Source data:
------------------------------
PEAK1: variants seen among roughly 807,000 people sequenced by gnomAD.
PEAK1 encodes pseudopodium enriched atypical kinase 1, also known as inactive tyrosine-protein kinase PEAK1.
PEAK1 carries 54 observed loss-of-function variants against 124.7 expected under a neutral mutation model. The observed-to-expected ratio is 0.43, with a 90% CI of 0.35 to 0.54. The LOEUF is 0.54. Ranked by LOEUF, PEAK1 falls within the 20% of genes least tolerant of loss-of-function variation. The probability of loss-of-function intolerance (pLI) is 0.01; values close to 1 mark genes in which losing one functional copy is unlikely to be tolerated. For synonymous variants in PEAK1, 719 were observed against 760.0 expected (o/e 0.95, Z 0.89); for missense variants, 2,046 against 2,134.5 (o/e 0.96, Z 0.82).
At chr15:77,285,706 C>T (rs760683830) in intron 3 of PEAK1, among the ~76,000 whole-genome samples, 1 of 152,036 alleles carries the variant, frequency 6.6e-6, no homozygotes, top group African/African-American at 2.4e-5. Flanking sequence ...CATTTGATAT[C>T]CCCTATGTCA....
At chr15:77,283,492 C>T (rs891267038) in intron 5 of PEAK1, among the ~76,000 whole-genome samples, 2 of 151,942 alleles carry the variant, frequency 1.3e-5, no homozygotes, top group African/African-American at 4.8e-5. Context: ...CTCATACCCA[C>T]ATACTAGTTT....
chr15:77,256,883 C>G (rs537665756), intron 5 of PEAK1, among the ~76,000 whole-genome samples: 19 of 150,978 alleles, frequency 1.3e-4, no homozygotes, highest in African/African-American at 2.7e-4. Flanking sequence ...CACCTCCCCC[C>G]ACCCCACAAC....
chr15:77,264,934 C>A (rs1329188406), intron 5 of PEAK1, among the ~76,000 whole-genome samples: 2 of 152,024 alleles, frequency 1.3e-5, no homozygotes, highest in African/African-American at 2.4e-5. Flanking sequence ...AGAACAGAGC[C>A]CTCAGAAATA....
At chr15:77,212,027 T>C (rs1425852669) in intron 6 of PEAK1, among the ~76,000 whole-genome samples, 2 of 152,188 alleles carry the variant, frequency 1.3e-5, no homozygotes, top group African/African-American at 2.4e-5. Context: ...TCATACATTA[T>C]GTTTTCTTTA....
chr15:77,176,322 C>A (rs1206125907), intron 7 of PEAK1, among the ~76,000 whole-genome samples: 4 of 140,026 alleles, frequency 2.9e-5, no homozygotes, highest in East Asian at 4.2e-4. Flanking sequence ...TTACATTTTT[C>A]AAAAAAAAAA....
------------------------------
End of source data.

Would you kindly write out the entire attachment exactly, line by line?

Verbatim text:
PEAK1: variants seen among roughly 807,000 people sequenced by gnomAD.
PEAK1 encodes pseudopodium enriched atypical kinase 1, also known as inactive tyrosine-protein kinase PEAK1.
PEAK1 carries 54 observed loss-of-function variants against 124.7 expected under a neutral mutation model. The observed-to-expected ratio is 0.43, with a 90% CI of 0.35 to 0.54. The LOEUF is 0.54. Ranked by LOEUF, PEAK1 falls within the 20% of genes least tolerant of loss-of-function variation. The probability of loss-of-function intolerance (pLI) is 0.01; values close to 1 mark genes in which losing one functional copy is unlikely to be tolerated. For synonymous variants in PEAK1, 719 were observed against 760.0 expected (o/e 0.95, Z 0.89); for missense variants, 2,046 against 2,134.5 (o/e 0.96, Z 0.82).
At chr15:77,285,706 C>T (rs760683830) in intron 3 of PEAK1, among the ~76,000 whole-genome samples, 1 of 152,036 alleles carries the variant, frequency 6.6e-6, no homozygotes, top group African/African-American at 2.4e-5. Flanking sequence ...CATTTGATAT[C>T]CCCTATGTCA....
At chr15:77,283,492 C>T (rs891267038) in intron 5 of PEAK1, among the ~76,000 whole-genome samples, 2 of 151,942 alleles carry the variant, frequency 1.3e-5, no homozygotes, top group African/African-American at 4.8e-5. Context: ...CTCATACCCA[C>T]ATACTAGTTT....
chr15:77,256,883 C>G (rs537665756), intron 5 of PEAK1, among the ~76,000 whole-genome samples: 19 of 150,978 alleles, frequency 1.3e-4, no homozygotes, highest in African/African-American at 2.7e-4. Flanking sequence ...CACCTCCCCC[C>G]ACCCCACAAC....
chr15:77,264,934 C>A (rs1329188406), intron 5 of PEAK1, among the ~76,000 whole-genome samples: 2 of 152,024 alleles, frequency 1.3e-5, no homozygotes, highest in African/African-American at 2.4e-5. Flanking sequence ...AGAACAGAGC[C>A]CTCAGAAATA....
At chr15:77,212,027 T>C (rs1425852669) in intron 6 of PEAK1, among the ~76,000 whole-genome samples, 2 of 152,188 alleles carry the variant, frequency 1.3e-5, no homozygotes, top group African/African-American at 2.4e-5. Context: ...TCATACATTA[T>C]GTTTTCTTTA....
chr15:77,176,322 C>A (rs1206125907), intron 7 of PEAK1, among the ~76,000 whole-genome samples: 4 of 140,026 alleles, frequency 2.9e-5, no homozygotes, highest in East Asian at 4.2e-4. Flanking sequence ...TTACATTTTT[C>A]AAAAAAAAAA....